If my understanding is correct, Newton's method and Nesterov accelerated gradient descent have the same "convergence rate"*.

But Newton's method requires more information about the function than does gradient descent, and also requires us to compute the action of the inverse Hessian on the gradient (which costs $$N^3$$ in the general case).

So in what circumstances should we expect Newton's Method to be superior to Nesterov Accelerated Gradient Descent?

*(I know there are various definitions of convergence, like local vs global, one norm vs another, maybe this is where my misunderstanding lies?)

There are two different meaning of 'quadratic convergence': These accelerated gradient methods have quadratic convergence in the sense of $$f(x_k) - f(x^*) = O(k^{-2}),$$ for instance, $$f(x_k) - f(x^*) = 1, 1/4, 1/9, 1/16 ...$$. The achievement here is the achieved faster convergence when compared to plain gradient descent at basically the same computational cost.

The quadratic convergence of Newton method is: there is $$c>0$$ such that $$\|x_{k+1}-x^*\| \le c \|x_k-x^*\|^2$$ for all $$k$$ large enough. For instance, $$\|x_k-x^*\| = 10^{-1}, 10^{-2}, 10^{-4}, 10^{-8},10^{-16}$$.

If Newton method converges it will converge much faster.

• perfect thanks! is there a term we can use to distinguish between these kinds of convergence? Commented Jan 13, 2023 at 19:39
• there is this en.wikipedia.org/wiki/Rate_of_convergence but this is different from the $1/k^2$ thing
– daw
Commented Jan 13, 2023 at 19:42

There are a number of confusions here that are common, especially among people in the computer science and machine learning community.

Already another poster explained the confusion between different meanings of the term "quadratic convergence." This is indeed true, but it is a surface-level issue. Asymptotic convergence rates are nearly irrelevant in practice, because one typically terminates algorithms before the asymptotic regime is reached.

There are deeper reasons for preferring Newton-type methods over Nesterov-type methods. But first, it is important to understand the following points:

1. The $$O(N^3)$$ theoretical cost is irrelevant because practical Newton methods do not build and factor the Hessian. Typically one uses an inexact Newton-Krylov method, in which the Newton linear systems are approximately solved with a Krylov method. This only requires the application of the Hessian to vectors.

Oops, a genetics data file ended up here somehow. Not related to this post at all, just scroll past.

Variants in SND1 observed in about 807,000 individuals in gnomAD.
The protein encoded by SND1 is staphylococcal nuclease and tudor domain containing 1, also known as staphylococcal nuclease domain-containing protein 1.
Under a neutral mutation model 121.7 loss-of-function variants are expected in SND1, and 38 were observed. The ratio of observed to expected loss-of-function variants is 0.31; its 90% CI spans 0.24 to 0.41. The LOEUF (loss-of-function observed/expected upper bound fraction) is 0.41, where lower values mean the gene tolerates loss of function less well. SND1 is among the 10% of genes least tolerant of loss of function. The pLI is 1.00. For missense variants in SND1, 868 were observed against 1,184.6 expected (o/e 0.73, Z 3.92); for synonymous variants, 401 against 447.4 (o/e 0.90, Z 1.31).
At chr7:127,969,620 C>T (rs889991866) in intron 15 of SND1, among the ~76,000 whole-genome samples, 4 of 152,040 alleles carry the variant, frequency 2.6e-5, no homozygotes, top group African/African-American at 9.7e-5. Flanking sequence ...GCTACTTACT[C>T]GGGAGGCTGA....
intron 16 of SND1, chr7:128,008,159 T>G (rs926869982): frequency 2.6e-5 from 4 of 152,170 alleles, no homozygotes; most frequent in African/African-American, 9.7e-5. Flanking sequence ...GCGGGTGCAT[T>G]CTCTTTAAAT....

2. Applying the Hessian to a vector may be done using automatic differentiation, at a cost roughly equal to evaluating the gradient.
3. The primary difficulty is ill-conditioning, which all algorithms must deal with in some way or another. In Nesterov methods, ill-conditioning increases the number of Nesterov iterations. In Newton-Krylov methods, the ill-conditioning increases the number of (inner) Krylov iterations, but the number of (outer) Newton iterations remains roughly the same.
4. For practical tolerances, a general rule of thumb is that the total number of Hessian-vector products across all Newton iterations will be approximately the same as the total number of Nesterov iterations required to achieve the same accuracy.

With this understood, the real advantages of Newton-type methods are as follows:

• Ability to address ill-conditioning: In Newton-type methods, one has an avenue to address the ill-conditioning: build a preconditioner for the Hessian matrix. In Nesterov methods the ill-conditioning slows down the algorithm and there is little one can do about it.
• Shift burden from nonlinear to linear operations: Hessian vector products are linear operations, whereas evaluating the cost function typically requires nonlinear operations which can be more expensive. Hence it is desirable to shift the computational burden from the nonlinear (Nesterov) iterations, to the linear Krylov iterations.
• Ammortize setup cost: Often there is a set-up cost to evaluating the objective function, gradient, and performing Hessian-vector products at a new point. By doing less outer iterations (each of which requires this set-up cost) and more inner iterations (which don't), one better ammortizes the setup cost.
• Increased opportunities for parallelism: Nesterov iterations are inherently sequential because you have to do one iteration after another. In Newton-type methods, you have less outer sequential iterations, but each of them costs more. This opens up more opportunities for parallelism within each Newton iteration.

This topic is the subject of Chapter 3 of my Ph.D. dissertaion, https://repositories.lib.utexas.edu/handle/2152/75559

• thanks so much for adding this context; as someone "self-learning" most of optim this kind of stuff is hardest to figure out so many thanks. And your 3rd chapter looks really good (much better than mine lmao), I'll go through it carefully soon (after the ICML deadline :)). Commented Jan 13, 2023 at 20:49
• (and ye you caught me as an ML guy ;)) Commented Jan 14, 2023 at 4:10
• PS: can you clarify, is this answer made in the context of convex objectives, or have you had good experience getting Newton-like methods to work on nonconvex problems? Commented Oct 16, 2023 at 13:44